Covering Hardship in the American South: A Conversation with Lyndsey Gilpin
The nonprofit journalism movement is bringing exciting experiments and new publications to parts of the country in danger of becoming news deserts. Spotlight spoke recently with Lyndsey Gilpin, the founder and editor of Southerly, a digital magazine that focuses on environmental issues across the South, particularly those that impact the region’s low-income communities. Born and raised in Kentucky but now based in Durham, N.C., Gilpin is a reporter and editor who has covered climate change, energy, and environmental justice all over the U.S. Her work has appeared in publications including FiveThirtyEight, The Washington Post, and The Atlantic. The conversation has been lightly edited for length and clarity.
Tell us how Southerly came about?
In 2016, I was a fellow at High Country News writing about climate change in the American West. It was during the presidential election and I was watching the national media talking about people and places in the South and focus on poverty and negative statistics and conservativism. We have had prior issues with national media news coverage about the South; they would drop in and get quick quotes about how bad it was and leave. It made me frustrated during and after the election when national media vowed to do a better job at covering the issues, but nothing changed. I moved back to Louisville and started freelancing about environmental issues around the South. I started Southerly in 2017 as a newsletter, curating local news that no one was paying attention to and writing about a timely environmental topic in the South. My subscriber base kept growing – and then I got a small grant to do a series of stories about how a lack of sewer infrastructure had led to the reappearance of hookworm in rural Alabama. Since then, we have ramped up to publishing two to three times a month, specifically focusing on rural areas that lack environmental coverage.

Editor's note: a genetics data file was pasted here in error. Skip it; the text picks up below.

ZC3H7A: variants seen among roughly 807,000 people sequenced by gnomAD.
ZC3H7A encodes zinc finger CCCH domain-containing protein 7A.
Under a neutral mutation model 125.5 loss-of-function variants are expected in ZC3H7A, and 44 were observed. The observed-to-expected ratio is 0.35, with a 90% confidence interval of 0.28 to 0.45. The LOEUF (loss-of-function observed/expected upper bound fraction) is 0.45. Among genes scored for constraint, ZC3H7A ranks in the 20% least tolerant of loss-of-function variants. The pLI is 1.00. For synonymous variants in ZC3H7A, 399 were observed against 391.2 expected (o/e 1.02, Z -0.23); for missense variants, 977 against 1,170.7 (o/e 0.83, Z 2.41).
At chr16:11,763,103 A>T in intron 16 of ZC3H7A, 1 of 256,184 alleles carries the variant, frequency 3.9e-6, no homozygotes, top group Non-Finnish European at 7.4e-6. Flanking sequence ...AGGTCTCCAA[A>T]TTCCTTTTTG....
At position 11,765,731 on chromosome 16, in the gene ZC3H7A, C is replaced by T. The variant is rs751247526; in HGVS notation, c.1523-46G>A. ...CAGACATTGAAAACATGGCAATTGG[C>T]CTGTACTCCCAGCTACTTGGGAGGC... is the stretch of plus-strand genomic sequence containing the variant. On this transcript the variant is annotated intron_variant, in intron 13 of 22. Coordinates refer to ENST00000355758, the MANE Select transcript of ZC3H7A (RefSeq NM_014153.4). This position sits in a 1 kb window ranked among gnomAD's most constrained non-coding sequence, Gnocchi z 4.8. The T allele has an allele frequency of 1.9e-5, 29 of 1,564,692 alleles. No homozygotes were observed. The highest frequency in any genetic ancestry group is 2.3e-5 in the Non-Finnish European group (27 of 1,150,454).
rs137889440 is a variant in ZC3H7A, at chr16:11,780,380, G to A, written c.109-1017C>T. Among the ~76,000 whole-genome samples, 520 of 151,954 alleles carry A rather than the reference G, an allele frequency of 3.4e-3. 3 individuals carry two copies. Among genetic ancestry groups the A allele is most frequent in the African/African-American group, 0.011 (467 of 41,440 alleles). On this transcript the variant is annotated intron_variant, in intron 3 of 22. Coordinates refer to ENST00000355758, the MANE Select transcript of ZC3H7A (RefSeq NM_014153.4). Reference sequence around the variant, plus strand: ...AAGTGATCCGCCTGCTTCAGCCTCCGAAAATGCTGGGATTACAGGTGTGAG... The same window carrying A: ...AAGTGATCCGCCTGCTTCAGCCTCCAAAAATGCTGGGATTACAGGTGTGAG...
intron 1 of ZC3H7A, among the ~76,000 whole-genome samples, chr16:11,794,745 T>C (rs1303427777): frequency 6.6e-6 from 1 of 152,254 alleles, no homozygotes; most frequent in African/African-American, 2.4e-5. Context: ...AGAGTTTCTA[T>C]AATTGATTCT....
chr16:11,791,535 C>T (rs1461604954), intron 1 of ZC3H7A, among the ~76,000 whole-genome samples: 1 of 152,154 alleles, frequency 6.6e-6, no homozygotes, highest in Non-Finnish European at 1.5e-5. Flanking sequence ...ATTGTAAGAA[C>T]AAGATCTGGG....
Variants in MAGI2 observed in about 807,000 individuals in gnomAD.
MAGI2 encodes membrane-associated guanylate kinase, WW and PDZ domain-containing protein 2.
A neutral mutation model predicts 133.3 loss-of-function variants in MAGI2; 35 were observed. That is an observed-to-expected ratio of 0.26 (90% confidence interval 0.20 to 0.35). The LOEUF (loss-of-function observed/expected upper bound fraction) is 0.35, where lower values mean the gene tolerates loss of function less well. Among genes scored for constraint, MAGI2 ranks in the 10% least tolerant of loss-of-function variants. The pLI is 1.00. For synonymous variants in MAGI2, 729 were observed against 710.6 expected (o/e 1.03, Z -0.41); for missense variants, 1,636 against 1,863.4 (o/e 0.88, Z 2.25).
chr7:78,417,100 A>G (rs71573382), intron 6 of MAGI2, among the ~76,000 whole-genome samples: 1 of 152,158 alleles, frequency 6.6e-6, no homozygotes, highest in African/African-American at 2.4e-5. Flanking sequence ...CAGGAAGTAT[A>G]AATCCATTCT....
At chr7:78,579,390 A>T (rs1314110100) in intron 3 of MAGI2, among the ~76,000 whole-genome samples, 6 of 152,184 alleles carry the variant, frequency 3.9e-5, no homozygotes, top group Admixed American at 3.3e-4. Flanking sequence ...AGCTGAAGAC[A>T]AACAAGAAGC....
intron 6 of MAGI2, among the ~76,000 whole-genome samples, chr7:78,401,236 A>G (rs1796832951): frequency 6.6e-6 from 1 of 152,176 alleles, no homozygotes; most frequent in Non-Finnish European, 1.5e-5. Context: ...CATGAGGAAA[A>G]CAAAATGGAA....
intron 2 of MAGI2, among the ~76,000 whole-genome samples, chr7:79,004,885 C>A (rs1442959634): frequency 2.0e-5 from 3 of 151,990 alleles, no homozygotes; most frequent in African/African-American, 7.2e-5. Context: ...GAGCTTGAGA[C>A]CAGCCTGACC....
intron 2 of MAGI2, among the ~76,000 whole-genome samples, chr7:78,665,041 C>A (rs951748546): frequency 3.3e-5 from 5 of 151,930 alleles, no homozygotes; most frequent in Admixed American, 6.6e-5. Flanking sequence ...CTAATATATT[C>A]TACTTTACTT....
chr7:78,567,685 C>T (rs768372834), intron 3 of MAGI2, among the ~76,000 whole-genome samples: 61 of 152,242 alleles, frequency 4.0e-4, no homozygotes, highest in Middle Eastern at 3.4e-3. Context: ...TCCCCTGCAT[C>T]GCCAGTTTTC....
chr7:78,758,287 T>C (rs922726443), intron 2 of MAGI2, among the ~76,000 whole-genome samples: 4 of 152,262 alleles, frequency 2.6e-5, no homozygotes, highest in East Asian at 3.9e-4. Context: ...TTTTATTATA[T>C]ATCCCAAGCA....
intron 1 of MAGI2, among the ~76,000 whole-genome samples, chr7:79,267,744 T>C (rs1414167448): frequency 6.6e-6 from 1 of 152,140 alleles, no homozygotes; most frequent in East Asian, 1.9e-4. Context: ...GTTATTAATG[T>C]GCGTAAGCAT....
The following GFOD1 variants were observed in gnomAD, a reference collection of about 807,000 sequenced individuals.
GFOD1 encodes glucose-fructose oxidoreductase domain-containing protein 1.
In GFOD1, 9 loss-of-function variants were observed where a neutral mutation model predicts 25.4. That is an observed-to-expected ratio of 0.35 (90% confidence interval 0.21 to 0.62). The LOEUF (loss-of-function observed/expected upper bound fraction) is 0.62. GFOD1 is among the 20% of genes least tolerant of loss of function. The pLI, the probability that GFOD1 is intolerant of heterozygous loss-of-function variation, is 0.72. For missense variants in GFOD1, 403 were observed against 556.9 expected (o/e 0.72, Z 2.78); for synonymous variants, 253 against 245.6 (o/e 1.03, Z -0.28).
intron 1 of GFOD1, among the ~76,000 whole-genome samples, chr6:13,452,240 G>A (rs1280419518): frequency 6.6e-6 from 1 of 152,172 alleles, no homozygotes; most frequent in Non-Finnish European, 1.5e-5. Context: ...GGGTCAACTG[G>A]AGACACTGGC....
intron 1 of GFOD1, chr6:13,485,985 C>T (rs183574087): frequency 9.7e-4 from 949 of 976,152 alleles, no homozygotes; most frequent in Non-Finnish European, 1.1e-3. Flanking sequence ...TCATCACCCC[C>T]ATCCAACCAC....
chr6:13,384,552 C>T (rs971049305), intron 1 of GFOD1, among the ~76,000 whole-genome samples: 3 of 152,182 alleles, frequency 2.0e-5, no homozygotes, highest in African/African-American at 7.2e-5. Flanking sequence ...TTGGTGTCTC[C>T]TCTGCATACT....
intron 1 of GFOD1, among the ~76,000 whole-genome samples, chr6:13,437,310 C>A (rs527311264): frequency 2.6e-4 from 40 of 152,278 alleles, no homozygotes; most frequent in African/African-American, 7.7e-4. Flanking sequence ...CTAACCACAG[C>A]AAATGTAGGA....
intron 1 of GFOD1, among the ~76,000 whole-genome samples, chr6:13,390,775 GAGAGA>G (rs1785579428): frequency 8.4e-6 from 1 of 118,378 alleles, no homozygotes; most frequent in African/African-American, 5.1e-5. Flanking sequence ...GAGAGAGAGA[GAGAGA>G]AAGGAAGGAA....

Does Southerly mainly operate on the co-publishing model?
Southerly produces its own stories, but we also partner with other publications and host community events to talk about stories we are covering. One of our major missions is to build a stronger media ecosystem in the South and one way of doing that is collaborating with other news outlets in the region, especially local outlets. We have worked with local and regional publications: a reporter will write the story and Southerly will edit it and then share with partners in our network. We published a story on coal severance taxes that a reporter in Virginia wrote, for example, looking at how that has impacted local economies in Appalachia. After we published it, several newspapers republished it and it got a huge reception because it was an issue people were thinking about and was related to the decline of coal mining. Another example is our partnership with Spotlight and Mississippi Today in which we combined forces to do a story on electric co-ops and efforts to make their boards reflect the communities they govern. We are continuing to build partnerships like those and providing environmental reporting where its lacking and continuing to try to make people understand that environmental issues connect with and impact a much larger set of issues. We have this online presence and bring in a lot of younger people that are interested in the South. What I really want to do is reach people that have been hard to reach and the way to do that is working with local news organizations to publish these stories.